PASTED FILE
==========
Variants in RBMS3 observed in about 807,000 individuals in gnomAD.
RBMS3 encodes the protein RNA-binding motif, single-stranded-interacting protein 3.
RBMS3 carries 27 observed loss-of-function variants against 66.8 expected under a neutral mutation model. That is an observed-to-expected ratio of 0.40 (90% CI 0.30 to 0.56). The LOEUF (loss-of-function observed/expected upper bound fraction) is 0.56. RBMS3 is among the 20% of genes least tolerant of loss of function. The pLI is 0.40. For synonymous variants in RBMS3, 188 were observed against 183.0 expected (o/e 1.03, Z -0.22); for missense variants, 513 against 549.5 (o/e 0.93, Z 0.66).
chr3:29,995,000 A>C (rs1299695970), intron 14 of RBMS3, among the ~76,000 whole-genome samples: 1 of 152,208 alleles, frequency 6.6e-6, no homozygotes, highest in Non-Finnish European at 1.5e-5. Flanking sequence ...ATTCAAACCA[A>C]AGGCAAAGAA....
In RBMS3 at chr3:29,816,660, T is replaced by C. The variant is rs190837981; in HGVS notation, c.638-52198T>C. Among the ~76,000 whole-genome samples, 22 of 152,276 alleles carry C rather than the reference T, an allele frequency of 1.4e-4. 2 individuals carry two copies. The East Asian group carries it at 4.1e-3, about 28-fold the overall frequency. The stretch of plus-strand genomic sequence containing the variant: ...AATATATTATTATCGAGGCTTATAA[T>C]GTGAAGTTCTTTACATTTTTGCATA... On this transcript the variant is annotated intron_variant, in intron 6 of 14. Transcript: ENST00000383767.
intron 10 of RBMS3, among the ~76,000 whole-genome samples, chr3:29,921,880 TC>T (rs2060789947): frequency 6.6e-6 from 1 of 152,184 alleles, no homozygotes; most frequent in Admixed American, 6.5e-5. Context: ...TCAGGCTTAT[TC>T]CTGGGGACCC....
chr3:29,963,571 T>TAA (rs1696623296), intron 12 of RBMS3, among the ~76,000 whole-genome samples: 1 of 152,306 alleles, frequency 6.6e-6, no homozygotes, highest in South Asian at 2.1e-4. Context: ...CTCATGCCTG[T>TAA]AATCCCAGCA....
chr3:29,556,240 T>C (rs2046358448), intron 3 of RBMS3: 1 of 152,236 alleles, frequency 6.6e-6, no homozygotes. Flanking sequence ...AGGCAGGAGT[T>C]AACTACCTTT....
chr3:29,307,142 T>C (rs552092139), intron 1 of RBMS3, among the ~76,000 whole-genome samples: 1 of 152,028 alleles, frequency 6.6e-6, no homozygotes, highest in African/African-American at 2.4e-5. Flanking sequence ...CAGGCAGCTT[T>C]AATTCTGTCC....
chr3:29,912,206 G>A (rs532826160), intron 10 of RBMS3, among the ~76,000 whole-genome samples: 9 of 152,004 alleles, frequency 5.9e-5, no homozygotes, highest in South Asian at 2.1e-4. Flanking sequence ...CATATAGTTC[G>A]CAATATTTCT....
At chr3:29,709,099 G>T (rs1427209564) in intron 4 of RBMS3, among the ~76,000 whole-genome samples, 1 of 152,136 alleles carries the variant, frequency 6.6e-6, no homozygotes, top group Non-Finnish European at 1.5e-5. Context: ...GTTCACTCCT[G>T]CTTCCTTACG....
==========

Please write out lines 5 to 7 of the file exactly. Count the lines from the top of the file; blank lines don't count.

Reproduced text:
In RBMS3 at chr3:29,816,660, T is replaced by C. The variant is rs190837981; in HGVS notation, c.638-52198T>C. Among the ~76,000 whole-genome samples, 22 of 152,276 alleles carry C rather than the reference T, an allele frequency of 1.4e-4. 2 individuals carry two copies. The East Asian group carries it at 4.1e-3, about 28-fold the overall frequency. The stretch of plus-strand genomic sequence containing the variant: ...AATATATTATTATCGAGGCTTATAA[T>C]GTGAAGTTCTTTACATTTTTGCATA... On this transcript the variant is annotated intron_variant, in intron 6 of 14. Transcript: ENST00000383767.
intron 10 of RBMS3, among the ~76,000 whole-genome samples, chr3:29,921,880 TC>T (rs2060789947): frequency 6.6e-6 from 1 of 152,184 alleles, no homozygotes; most frequent in Admixed American, 6.5e-5. Context: ...TCAGGCTTAT[TC>T]CTGGGGACCC....
chr3:29,963,571 T>TAA (rs1696623296), intron 12 of RBMS3, among the ~76,000 whole-genome samples: 1 of 152,306 alleles, frequency 6.6e-6, no homozygotes, highest in South Asian at 2.1e-4. Context: ...CTCATGCCTG[T>TAA]AATCCCAGCA....